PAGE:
Sadly, as with dialogue, it is all too easy for an author to fall into his own verbal style when writing the narrative.  It's too easily overlooked or taken for granted; and the all-too-common post-romantic self-focus deludes many writers into believing that how they use the language as individuals is how best to communicate a novel's story to the world at large.  This is akin to constructing a house with poor foundation and framework-- no matter how prettily you dress it up inside and out, and no matter how workable the form and function of the design, no-one will be able to long ignore the inadequacies of the fundamental structure because they will affect every other part of the visit.

I believe the story should have its own 'character', sort of like I said above.  The whole 'feel' and 'mood' of a novel comes across by how the narrative is presented.  For my part I choose to hold the narrative itself somewhat elevated from the dialogue, insisting on SWEE as well as it can be done.  One of my projects (still long in the future) is a series of 1740s novels of manners in which the narrative is given in 20th/21st-C English, to ensure accessibility to modern readers, but lines of dialogue appear in the mid-18th-C English of Johnson, both to be historically accurate and to illuminate readers as to how people really talked then.  This is almost the opposite of what I did in a book like Love Me Do, in which the narrative is in the same reliable Queen's English but the dialogue appears very much in 1970s middle-class American vernacular.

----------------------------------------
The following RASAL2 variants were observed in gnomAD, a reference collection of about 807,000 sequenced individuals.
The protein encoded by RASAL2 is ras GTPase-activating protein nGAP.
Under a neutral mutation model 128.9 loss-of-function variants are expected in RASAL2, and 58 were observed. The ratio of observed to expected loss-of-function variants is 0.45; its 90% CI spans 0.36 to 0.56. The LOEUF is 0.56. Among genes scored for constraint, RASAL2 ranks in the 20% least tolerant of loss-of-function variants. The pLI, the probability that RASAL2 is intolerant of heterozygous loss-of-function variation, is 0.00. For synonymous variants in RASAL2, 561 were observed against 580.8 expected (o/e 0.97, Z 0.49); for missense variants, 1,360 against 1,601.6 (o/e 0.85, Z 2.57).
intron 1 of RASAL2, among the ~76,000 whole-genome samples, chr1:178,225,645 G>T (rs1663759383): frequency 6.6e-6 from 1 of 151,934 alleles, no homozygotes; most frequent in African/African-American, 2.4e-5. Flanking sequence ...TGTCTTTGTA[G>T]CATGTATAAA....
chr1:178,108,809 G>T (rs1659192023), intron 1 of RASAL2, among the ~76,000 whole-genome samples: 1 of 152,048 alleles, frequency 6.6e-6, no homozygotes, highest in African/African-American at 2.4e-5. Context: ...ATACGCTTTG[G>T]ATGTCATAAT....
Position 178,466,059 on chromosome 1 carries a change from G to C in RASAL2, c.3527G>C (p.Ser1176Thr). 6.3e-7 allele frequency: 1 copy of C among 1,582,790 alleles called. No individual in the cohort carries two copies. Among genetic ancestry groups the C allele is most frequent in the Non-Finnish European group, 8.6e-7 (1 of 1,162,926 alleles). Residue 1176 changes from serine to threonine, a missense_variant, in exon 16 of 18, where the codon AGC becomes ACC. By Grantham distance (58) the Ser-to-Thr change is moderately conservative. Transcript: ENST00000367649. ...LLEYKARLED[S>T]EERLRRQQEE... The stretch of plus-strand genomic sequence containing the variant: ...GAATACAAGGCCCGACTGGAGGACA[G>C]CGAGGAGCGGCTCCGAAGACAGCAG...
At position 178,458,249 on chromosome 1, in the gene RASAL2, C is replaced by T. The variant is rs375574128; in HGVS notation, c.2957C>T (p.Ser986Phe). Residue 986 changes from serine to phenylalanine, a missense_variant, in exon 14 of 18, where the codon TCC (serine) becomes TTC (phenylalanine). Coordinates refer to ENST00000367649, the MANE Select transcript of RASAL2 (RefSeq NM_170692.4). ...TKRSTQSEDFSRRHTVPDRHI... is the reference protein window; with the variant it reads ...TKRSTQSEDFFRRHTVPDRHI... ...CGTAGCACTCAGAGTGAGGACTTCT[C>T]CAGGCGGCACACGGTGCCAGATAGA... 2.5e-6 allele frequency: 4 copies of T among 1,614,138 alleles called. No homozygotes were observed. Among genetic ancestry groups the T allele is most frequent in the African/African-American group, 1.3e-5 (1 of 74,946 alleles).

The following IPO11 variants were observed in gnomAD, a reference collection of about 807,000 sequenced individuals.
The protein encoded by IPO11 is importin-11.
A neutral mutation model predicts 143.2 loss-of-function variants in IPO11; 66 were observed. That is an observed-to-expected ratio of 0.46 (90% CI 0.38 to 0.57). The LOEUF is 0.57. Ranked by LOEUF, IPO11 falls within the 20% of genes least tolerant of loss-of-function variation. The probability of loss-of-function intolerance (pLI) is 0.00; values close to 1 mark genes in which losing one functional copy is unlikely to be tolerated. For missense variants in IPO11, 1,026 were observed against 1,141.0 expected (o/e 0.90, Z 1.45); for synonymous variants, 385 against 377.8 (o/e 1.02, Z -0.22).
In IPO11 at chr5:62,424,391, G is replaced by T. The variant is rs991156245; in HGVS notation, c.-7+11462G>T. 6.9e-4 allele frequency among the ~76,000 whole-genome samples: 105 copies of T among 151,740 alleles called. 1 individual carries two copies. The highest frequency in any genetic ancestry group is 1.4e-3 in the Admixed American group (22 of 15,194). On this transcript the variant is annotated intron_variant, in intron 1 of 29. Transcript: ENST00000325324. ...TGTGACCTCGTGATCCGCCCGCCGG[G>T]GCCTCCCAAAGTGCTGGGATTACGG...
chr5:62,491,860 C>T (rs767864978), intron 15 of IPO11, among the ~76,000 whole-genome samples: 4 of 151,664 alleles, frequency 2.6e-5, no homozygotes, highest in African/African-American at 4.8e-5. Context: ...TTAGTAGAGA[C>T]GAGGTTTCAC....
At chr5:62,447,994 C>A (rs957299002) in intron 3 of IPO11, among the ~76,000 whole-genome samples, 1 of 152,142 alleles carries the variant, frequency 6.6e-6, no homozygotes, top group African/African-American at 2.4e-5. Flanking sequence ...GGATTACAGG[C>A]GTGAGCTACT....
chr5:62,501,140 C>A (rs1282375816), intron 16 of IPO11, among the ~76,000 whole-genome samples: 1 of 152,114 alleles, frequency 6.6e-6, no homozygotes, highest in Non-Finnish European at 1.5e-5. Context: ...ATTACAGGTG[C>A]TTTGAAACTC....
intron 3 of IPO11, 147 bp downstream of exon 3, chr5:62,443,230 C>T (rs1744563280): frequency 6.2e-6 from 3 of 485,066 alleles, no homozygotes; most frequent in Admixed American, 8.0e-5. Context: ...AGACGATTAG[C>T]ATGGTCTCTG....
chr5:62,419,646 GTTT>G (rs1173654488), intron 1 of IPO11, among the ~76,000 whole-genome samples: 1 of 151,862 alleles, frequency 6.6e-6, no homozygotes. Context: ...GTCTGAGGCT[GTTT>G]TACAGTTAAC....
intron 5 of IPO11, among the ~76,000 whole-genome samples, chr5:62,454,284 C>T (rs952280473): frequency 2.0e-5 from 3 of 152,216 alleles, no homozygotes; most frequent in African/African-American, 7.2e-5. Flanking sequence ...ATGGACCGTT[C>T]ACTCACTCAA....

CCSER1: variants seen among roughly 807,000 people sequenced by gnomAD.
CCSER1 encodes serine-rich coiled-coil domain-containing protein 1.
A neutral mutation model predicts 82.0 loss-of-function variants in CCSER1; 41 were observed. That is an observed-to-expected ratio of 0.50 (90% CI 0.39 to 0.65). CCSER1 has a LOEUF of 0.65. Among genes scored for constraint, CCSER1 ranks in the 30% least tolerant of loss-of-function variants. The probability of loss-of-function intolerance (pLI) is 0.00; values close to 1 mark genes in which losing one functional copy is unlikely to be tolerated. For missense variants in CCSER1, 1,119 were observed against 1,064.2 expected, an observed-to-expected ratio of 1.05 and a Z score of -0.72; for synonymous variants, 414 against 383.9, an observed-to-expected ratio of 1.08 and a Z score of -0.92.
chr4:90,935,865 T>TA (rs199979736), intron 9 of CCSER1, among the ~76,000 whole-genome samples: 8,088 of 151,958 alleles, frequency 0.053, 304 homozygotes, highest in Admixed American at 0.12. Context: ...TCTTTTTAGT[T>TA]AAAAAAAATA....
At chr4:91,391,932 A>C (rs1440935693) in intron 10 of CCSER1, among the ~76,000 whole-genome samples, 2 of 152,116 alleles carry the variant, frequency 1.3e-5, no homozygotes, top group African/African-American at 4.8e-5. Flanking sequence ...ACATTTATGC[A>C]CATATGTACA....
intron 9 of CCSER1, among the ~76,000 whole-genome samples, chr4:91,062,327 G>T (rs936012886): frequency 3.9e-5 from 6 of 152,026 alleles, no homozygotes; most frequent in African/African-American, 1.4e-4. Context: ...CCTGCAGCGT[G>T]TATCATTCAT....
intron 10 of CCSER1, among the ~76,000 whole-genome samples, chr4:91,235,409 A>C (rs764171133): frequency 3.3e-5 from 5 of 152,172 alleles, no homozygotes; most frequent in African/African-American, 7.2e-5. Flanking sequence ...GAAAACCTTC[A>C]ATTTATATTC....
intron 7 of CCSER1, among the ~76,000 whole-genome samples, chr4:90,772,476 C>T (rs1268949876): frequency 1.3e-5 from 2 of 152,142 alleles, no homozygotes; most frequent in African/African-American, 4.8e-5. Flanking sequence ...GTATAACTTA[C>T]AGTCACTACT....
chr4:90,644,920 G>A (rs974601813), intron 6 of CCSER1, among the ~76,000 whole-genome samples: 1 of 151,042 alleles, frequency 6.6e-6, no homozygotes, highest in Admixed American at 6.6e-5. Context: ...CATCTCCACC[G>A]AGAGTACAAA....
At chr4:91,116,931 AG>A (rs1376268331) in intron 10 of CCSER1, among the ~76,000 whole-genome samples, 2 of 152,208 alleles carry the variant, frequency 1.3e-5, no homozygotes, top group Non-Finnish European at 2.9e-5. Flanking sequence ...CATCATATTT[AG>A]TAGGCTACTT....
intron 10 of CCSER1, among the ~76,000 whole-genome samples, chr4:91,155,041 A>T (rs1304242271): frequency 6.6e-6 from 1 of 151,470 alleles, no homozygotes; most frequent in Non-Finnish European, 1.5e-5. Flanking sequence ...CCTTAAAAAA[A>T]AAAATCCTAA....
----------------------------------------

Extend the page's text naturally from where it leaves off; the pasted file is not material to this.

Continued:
Of course there are as many approaches to narrative as there are authors.  For what I write, I do not have value for too conversational a style.  I view a novel as much more sacrosanct than that; and, for most novel-length endeavours, writing like a comprehensive-school eighth-year with slang, jargon, abbreviations and numerals, phonetic spelling, grammatical imperfections and sentence fragments will not do.  This is not just an academic point to be read and disregarded over time.  I would make the entirely unequivocal submission that in such inadequate writing the whole point of the story itself can become lost.  And, if anything, the prime directive of all writing should be to not irritate and disinterest an otherwise eager reader through an  author's misuse of the language.  After all, an author is writing to be read and to be published; and to have his work to die a premature death due to poor editing and preparation with regard to basic grammar and usage has got to be the worst way to go. --and the most easily avoided.